By Sunil D Shah & Rajesh C Patil
With the Union Budget 2015 to be announced tomorrow, there is a flurry of expectations from the Finance Minister to announce incentives in various fields. The healthcare and life sciences sector is one such. It is fairly well established that a holistic approach is needed to improve and expand the state of healthcare and life sciences in India specially as the industry is expanding at a rapid pace.
India’s pharmaceutical sales were an estimated $18.3 billion and the estimated healthcare expenditure were $96.3 billion in 2013. Government spending on healthcare in India was an estimated 5 percent of the gross domestic product (GDP) in 2013 and is expected to remain at that level through 2016 . In terms of spend; Asia is the largest of the global spenders on R&D followed by America and Europe. A snapshot of the R&D spends is provided below :
Considering the thrust on the ‘Make in India’ programme, it is expected that the Government may announce important measures in healthcare and life sciences industry. Though certain amendments were made by the Finance Minister in his maiden budget, the wish list of the taxpayers in these areas continue.
Incentives for R&D
Research and development (R&D) is one of the driving factors for speedy growth in any sector. It is imperative to provide an impetus to R&D activities.
The tax incentive available in respect of expenditure incurred on R&D activities is in the form of weighted deduction for in-house R&D. Despite such an incentive, the spend of R&D in India was just 0.90 percent of it’s GDP as compared to a global average of 1.77 percent in 2013. Through the Budget 2015, the Government should aim at providing exemption to companies engaged in the business of R&D by providing profit linked incentives like the erstwhile section 80-IB(8A) or Patent Box regime like in the UK, The Netherlands etc.
Currently, deduction is available only in respect of expenditure incurred on in-house R&D facility which has been approved by Department of Scientific and Industrial Research (DSIR). The Government may consider allowing weighted deduction for the entire expenditure incurred for an approved R&D facility which is eligible for weighted deductions and clinical trials which are carried out in approved hospitals and institutions outside the research and development unit.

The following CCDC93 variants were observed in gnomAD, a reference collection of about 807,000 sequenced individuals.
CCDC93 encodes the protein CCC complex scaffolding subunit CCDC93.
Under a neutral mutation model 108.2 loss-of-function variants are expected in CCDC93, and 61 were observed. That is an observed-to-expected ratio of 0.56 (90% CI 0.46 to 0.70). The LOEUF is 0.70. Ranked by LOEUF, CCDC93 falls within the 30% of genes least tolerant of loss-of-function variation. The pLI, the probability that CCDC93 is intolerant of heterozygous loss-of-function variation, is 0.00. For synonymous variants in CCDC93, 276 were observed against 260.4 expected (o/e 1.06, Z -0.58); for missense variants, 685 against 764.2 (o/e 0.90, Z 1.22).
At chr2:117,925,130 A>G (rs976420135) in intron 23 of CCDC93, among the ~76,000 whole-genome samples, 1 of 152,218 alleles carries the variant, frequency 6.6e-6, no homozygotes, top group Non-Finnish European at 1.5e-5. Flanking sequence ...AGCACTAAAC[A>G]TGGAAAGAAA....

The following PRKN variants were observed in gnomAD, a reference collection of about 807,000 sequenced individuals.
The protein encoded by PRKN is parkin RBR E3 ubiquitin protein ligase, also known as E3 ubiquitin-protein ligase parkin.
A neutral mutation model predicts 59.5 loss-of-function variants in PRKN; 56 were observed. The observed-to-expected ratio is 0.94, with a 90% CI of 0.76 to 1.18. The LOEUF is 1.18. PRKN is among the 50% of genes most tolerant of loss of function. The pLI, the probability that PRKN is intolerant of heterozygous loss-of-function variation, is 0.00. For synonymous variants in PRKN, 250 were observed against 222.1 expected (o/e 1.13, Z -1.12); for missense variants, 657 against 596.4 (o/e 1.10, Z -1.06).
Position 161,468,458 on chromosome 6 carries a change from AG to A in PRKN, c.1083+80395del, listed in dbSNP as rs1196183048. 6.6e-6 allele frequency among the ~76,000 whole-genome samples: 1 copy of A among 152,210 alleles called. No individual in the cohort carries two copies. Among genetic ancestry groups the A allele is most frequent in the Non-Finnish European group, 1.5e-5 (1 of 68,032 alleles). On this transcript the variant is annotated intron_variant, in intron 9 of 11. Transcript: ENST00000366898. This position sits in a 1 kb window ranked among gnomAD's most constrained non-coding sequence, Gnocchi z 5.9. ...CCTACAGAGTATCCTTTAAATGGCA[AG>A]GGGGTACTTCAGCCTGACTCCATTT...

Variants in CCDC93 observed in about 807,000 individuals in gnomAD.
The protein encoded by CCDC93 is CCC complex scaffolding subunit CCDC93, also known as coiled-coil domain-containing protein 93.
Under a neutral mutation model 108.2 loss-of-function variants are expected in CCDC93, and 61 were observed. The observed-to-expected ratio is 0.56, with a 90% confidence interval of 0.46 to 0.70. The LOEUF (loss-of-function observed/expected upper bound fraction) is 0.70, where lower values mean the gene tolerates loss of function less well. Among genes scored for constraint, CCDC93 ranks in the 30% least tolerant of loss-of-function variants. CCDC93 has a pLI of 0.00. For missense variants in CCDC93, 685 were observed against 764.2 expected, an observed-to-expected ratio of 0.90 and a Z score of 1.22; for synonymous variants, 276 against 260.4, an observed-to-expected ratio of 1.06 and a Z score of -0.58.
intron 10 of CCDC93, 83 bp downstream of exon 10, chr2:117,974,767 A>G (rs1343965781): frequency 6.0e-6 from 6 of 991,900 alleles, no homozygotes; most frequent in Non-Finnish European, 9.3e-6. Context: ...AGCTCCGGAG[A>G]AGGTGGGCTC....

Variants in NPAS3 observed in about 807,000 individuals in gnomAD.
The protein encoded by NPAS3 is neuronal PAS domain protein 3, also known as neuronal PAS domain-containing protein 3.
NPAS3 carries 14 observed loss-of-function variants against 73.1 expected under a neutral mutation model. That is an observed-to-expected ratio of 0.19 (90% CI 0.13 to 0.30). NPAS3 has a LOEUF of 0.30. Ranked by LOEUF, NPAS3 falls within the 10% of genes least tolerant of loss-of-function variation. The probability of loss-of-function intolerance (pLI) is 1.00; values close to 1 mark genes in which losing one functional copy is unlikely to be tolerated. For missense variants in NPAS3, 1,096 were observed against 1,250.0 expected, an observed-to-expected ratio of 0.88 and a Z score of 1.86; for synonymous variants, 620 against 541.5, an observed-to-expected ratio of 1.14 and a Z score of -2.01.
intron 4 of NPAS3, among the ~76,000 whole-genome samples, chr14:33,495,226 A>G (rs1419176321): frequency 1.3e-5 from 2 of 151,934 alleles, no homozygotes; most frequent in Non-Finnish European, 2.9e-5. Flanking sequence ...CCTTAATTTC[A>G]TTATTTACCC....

The DSIR guidelines introduced in the month of May 2014 require certain relaxations. Currently, only those personnel with a Diploma/Degree in Science and above will be regarded as R&D manpower and eligible for weighted deduction. Retainerships/ consultants and manpower on contract are not admissible for weighted tax deduction. The Finance Minister may consider appropriate amendment in the tax laws in light of the above DSIR guidelines.
Minimum Alternate Tax
Currently, weighted deduction is not allowed while computing book profits. It will be a welcome proposal if the amount of weighted deduction under section 35(2AB) is allowed while computing tax under section 115JB.
Rural healthcare infrastructure
Rural and semi urban areas in India do not have basic healthcare infrastructure. The statistics for India’s health infrastructure are below as compared with the other countries. USA has one bed for every 350 patients while the ratio for Japan is 1 for 85. In contrast, India has 1 for every 1,050 patients. Rural healthcare infrastructure needs to be strengthened and augmented. In this regard, the Government should allow weighted deduction in respect of healthcare infrastructure expenditure incurred in rural/ semi urban areas.
Benefits for hospitals
Currently, deduction is available where the specified business is in the nature of building and operating a new hospital with at least 100 beds for patients. India’s health care sector witnesses close to 50% spend on in-bed patients suffering from lifestyle diseases like diabetes especially in urban and semi-urban areas. With the rapid growth in diseases and consequently the healthcare costs rising, it is imperative for the Government to liberalize the provisions of section 35AD to include new hospitals having less than 100 beds for patients.
Further, 100 percent deduction is available to an undertaking deriving profits from the business of operating and maintaining a hospital located anywhere in India except certain urban areas which has been constructed and started functioning during the period 1 April 2008 to 31 March 2013. The provision may be extended beyond 31 March 2013 and the benefit may also be extended to hospitals situated in those areas which had been excluded.
The amount of non-taxable medical reimbursement allowed to the taxpayer is Rs.15,000. It will be a welcome proposal if the Government enhances the limit of medical reimbursement at least to Rs. 50,000.
To sum up, the Government needs to enact sound policies and tax incentives to improve healthcare in India. Therefore, it will be interesting to see what the Budget 2015 has in store for the healthcare and life sciences industry.
(Sunil D. Shah is partner, Deloitte Haskins & Sells LLP, and Rajesh C Patil is director)
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Updated Date: Feb 27, 2015 17:26:37 IST